Home Server Project Update 2: Goodbye Arch Linux

As I documented before, I’ve had problems with Pogoplug and Arch Linux running my servers. Recently I’ve been having problems logging in via SSH on my updated Fedora computers. From what I can tell from a little research, it seems the old way of connecting had a flaw so updated SSH doesn’t want talk to unupdated SSH. So I tried to update Arch Linux and once again ended up with a borked computer. And it’s not something I did wrong – everyone had complaints of the change from /usr/bin (and some other bins) bricking systems. If Pogoplug had a display, I’d have been able to fix it. I tried reinstalling, but something has changed that makes the Pogoplug no longer work. Sick of having stuff go wrong every time I update, I decided this was the time to implement the Home Server Project.

Between my previous research and thoughts since then, I decided to go with a CentOS VM. In all my time using Fedora, I’ve only once ended up with a system screwed up after installing a new Kernel and once from an SELinux change. With a VM I could always snapshot before updating Kernels and SELinux so it seemed like a good idea. Additionally, I was able to create a copy of the VM hard drive and XML schema once I had the system working the way I wanted. (Total time to get it set up: about 1.5 hours) I copied it to SuperMario so it would also be backed up to Crashplan. The VM also gives me another benefit – if TanukiMario (the computer it’s running on) dies or has a hard drive failure, I can run the VM on SuperMario until I get TanukiMario fixed. Time without services drops from a few days or weeks to an hour or less. (Depending on changes I need to make to the XML to make it work on a different computer with a potentially differently named ethernet card)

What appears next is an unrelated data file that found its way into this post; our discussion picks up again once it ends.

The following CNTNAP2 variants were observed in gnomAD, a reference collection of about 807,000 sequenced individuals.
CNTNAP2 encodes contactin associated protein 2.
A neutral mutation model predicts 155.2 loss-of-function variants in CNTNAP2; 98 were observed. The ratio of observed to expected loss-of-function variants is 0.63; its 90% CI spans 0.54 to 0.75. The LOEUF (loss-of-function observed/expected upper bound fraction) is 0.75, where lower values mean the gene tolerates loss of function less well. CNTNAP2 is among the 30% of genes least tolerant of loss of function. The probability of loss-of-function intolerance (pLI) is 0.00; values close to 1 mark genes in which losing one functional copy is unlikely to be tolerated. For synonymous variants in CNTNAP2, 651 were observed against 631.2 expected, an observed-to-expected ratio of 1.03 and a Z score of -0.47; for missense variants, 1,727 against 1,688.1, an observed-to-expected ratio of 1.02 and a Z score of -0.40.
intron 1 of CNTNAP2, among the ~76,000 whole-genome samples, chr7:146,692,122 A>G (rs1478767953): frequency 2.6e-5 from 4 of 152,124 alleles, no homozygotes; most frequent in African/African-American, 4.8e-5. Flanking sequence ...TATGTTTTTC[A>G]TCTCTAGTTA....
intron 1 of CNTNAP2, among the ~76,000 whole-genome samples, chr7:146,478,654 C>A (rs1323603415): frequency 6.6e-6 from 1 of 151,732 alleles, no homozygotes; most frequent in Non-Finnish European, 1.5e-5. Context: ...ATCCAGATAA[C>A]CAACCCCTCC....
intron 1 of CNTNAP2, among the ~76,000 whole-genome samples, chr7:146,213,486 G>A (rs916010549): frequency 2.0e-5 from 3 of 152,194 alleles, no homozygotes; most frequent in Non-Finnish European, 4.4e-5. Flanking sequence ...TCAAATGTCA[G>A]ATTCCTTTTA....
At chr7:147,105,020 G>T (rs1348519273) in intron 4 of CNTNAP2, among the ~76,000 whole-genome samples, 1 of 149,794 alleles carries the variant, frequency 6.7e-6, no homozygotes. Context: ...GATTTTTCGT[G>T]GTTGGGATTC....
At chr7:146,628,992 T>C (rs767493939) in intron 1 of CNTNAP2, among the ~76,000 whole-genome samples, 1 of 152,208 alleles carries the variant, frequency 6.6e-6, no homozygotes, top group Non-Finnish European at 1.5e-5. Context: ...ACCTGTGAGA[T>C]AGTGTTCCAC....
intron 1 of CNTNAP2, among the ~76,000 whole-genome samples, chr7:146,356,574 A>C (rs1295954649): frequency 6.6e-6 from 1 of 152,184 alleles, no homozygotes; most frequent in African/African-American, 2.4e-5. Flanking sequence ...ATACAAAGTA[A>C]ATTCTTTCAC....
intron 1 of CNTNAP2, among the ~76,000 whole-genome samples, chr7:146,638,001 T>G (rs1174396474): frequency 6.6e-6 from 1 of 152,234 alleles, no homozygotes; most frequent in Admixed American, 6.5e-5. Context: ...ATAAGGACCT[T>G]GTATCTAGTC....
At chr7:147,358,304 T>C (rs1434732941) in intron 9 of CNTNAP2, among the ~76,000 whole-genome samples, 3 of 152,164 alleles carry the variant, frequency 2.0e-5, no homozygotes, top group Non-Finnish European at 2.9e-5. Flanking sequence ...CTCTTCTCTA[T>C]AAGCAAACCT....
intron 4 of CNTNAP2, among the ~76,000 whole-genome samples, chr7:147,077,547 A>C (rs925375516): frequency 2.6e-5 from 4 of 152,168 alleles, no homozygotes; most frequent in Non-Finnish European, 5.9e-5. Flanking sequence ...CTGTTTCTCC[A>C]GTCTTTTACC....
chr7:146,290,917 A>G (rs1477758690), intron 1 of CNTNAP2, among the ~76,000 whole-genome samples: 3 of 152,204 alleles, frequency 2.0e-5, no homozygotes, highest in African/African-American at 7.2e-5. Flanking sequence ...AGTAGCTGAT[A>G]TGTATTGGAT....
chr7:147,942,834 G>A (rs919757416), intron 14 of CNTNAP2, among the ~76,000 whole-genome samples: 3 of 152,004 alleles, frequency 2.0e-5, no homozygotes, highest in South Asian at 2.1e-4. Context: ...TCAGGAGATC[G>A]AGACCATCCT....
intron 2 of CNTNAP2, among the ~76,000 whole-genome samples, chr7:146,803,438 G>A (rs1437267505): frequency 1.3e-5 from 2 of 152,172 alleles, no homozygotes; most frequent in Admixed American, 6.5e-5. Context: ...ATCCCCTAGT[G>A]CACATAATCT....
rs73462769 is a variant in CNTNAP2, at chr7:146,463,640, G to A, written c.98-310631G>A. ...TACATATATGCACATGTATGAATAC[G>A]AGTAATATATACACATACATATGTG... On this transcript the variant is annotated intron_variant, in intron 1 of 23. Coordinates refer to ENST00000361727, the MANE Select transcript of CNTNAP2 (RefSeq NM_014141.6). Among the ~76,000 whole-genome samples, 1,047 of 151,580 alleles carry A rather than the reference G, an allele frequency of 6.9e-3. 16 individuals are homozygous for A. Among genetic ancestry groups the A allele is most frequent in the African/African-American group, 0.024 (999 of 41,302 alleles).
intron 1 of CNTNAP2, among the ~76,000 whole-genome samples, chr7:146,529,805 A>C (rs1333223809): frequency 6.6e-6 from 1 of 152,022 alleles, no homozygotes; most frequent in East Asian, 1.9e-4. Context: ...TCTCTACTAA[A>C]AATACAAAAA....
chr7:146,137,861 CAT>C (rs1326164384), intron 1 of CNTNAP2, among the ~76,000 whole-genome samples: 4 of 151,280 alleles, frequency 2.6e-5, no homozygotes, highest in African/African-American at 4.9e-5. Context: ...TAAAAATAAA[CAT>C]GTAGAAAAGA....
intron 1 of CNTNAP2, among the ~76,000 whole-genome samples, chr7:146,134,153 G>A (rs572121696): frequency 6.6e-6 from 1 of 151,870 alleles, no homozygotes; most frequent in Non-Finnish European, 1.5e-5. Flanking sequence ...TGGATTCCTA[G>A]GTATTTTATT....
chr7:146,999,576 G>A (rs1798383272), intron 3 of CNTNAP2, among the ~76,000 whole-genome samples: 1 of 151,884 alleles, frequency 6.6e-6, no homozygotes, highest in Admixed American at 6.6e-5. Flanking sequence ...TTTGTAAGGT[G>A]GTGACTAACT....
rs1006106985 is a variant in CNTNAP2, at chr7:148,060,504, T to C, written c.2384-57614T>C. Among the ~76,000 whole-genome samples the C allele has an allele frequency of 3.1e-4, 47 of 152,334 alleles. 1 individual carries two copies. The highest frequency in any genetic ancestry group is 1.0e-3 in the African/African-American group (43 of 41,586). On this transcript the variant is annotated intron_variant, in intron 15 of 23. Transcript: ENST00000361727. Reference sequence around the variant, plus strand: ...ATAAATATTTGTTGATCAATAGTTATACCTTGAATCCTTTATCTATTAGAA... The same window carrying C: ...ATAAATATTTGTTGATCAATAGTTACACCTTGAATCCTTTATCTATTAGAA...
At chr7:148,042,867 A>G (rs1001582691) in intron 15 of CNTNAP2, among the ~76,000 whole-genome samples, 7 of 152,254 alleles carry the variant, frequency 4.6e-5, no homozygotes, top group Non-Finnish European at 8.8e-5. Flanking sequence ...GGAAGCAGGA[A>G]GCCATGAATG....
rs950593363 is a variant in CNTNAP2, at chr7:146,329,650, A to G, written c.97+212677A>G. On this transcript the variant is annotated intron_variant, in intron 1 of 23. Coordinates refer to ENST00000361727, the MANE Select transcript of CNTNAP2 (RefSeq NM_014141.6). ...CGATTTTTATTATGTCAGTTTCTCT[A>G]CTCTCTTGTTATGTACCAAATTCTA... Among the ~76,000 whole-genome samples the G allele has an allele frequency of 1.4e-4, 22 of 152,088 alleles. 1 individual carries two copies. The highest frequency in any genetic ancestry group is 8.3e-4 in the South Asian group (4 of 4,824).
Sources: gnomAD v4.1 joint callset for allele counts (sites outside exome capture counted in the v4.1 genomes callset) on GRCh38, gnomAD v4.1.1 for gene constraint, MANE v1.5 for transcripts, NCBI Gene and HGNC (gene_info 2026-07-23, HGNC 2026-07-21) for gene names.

Since TanukiMario (the former guest computer) was purposely not that beefy (just for guests to get on the net), I went with one VM to provide DNS, MySQL, and file server duties. Sure, it means that if something happens to the VM I lose all that, but they’re all interrelated anyway (used in service of making Kodi media server work) so I’m not losing much on that.

Author: Eric Mesa

To find out a little more about me, see About Me